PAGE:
Sustaining and improving quality control remains at the heart of any manufacturer who wishes to build a long lasting relationship with their customer base. Quite simply, if your target market can depend on your ability to consistently produce products that meet their levels of expectation it is far more likely your business will continue to grow.
The methods employed by companies vary across the board but ultimately finding the most accurate and cost effective method of providing quality assurance is the goal. For a long time the manual inspection of the manufacturing process was seen as the most reliable way of maintaining standards. But even the most keen-eyed worker is prone to make mistakes and the repetitive nature of the work will eventually begin to show.
Even with the introduction of machine vision inspection systems there was some hesitation around implementing them into existing processes. Despite the opportunity to reduce wastage and increase data surrounding the production line, they were seen as limited, too expensive and difficult to integrate into existing systems.
Of course, the technology has moved on significantly over the past couple of decades with 2D, 3D and barcode reading systems becoming increasingly common place. There is still some hesitation from some companies unsure as to their value, but with the advances in technology, vision inspection can be carried out extremely fast on high speed production lines; more accurately than a human can do it and at a speed faster than the human eye can see.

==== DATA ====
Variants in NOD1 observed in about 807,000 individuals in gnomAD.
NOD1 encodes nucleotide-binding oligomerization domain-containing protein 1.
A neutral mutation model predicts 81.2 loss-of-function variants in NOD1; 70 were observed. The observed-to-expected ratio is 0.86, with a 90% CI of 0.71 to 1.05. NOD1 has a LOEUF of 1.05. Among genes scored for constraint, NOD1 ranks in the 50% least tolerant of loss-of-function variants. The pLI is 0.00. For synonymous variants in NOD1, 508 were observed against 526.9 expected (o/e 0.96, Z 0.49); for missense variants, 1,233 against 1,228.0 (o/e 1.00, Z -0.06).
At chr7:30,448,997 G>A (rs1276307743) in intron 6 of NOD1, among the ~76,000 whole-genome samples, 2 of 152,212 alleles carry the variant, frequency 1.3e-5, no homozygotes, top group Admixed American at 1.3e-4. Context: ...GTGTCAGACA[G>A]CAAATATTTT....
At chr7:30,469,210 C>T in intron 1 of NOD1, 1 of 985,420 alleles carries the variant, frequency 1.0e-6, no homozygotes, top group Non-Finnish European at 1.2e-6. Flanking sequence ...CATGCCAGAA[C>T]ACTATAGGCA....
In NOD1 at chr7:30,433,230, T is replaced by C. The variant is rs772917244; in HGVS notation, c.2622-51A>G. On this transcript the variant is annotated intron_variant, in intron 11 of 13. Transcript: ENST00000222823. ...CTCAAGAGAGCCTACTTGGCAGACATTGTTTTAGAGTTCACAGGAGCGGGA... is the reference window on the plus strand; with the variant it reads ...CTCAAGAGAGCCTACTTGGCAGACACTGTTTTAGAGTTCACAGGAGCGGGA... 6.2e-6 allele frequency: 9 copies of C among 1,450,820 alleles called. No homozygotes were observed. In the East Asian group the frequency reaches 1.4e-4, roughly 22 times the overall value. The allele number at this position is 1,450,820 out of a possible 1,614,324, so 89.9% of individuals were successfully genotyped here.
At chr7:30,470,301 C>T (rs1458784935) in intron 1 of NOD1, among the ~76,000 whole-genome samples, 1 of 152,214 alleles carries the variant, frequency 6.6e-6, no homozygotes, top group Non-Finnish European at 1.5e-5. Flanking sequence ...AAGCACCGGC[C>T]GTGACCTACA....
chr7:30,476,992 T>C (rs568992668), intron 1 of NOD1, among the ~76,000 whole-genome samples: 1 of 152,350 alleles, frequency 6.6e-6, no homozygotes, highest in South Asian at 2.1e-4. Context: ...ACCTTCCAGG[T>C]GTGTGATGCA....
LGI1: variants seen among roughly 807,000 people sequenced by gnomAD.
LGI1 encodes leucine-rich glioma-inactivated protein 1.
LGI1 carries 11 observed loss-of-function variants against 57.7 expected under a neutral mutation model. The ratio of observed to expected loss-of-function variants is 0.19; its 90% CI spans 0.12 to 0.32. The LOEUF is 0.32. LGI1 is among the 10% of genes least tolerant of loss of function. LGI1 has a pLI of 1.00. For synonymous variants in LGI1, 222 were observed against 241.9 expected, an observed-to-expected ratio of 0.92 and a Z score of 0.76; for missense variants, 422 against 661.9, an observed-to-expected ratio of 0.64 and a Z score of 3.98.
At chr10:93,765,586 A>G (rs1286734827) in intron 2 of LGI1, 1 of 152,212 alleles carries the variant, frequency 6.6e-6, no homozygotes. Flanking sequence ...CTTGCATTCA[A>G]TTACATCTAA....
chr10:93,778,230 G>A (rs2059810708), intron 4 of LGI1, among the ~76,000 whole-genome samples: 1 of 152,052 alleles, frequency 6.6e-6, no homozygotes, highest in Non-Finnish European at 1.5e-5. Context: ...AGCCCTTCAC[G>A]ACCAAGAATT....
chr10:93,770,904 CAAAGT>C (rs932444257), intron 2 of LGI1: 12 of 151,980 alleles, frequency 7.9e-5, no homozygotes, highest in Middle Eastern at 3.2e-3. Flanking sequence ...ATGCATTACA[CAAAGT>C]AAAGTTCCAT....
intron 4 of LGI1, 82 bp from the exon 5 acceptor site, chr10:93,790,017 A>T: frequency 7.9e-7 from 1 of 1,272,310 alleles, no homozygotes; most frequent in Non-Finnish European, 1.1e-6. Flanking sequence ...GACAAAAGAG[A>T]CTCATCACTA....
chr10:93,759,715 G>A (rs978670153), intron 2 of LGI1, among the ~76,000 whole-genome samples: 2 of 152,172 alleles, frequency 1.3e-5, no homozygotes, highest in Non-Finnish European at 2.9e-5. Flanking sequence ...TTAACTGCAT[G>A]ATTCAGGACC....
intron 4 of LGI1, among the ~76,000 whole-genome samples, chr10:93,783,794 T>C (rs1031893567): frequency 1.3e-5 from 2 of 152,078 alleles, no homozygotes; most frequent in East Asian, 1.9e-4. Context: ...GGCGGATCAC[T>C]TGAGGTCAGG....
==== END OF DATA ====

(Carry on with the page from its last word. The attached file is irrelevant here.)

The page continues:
Vision inspection is a generic term that covers a whole spectrum of automatic inspection systems, from digital standard 2D cameras to 3D laser line scanners and more. More recently 3D vision is being used in conjunction with a 6 axis robot for bin picking and other tasks that used to require human input. As AI becomes an increasing reality there is very little that can’t be achieved with automated vision inspection systems.
Using vision for quality control can cover a whole realm of tasks e.g. reading and checking the labels on products, measuring 3D objects to ensure they are manufactured correctly and within tolerance, sensing where products are on a conveyor so they can be picked up with a robot and orientated and placed accurately into a further process or packaging, ensuring products are not scratched marked, checking painting has been carried out correctly and much more.
A vision inspection system that has been properly installed and calibrated will be extremely accurate, fast and reliable. Automated quality control with vision inspection also has many additional benefits compared with people doing manual inspection, it can run 24 hours 7 days a week and it does not need tea breaks, it does not suffer fatigue like people do and will be a lot more accurate and fast. Typically the time saving from running 24/7 without breaks or shift handovers pays for the cost of automated vision inspection very quickly.
According to a 2016 report by Credence Research Inc, the machine vision inspection market is likely to be worth almost $15bn by 2022. The technology is improving year-on-year and making the investment sooner rather than later will give your business that crucial competitive edge. Find out how much a vision inspection system could potentially cost or get in contact with our automation consultants on 01223 499488, or email email@example.com.
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